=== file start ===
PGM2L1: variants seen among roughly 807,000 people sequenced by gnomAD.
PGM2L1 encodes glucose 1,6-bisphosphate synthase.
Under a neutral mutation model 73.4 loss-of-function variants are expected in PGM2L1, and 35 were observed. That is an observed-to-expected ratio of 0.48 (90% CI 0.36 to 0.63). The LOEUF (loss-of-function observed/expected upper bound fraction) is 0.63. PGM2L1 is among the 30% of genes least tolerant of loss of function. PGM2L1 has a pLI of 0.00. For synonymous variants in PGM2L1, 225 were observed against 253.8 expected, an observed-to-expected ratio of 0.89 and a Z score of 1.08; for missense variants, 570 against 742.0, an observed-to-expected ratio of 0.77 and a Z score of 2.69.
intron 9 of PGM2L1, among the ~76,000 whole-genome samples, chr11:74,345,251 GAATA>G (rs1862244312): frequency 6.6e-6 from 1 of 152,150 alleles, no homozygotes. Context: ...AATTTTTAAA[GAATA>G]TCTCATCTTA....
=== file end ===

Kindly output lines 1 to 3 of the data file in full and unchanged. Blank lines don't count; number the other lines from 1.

PGM2L1: variants seen among roughly 807,000 people sequenced by gnomAD.
PGM2L1 encodes glucose 1,6-bisphosphate synthase.
Under a neutral mutation model 73.4 loss-of-function variants are expected in PGM2L1, and 35 were observed. That is an observed-to-expected ratio of 0.48 (90% CI 0.36 to 0.63). The LOEUF (loss-of-function observed/expected upper bound fraction) is 0.63. PGM2L1 is among the 30% of genes least tolerant of loss of function. PGM2L1 has a pLI of 0.00. For synonymous variants in PGM2L1, 225 were observed against 253.8 expected, an observed-to-expected ratio of 0.89 and a Z score of 1.08; for missense variants, 570 against 742.0, an observed-to-expected ratio of 0.77 and a Z score of 2.69.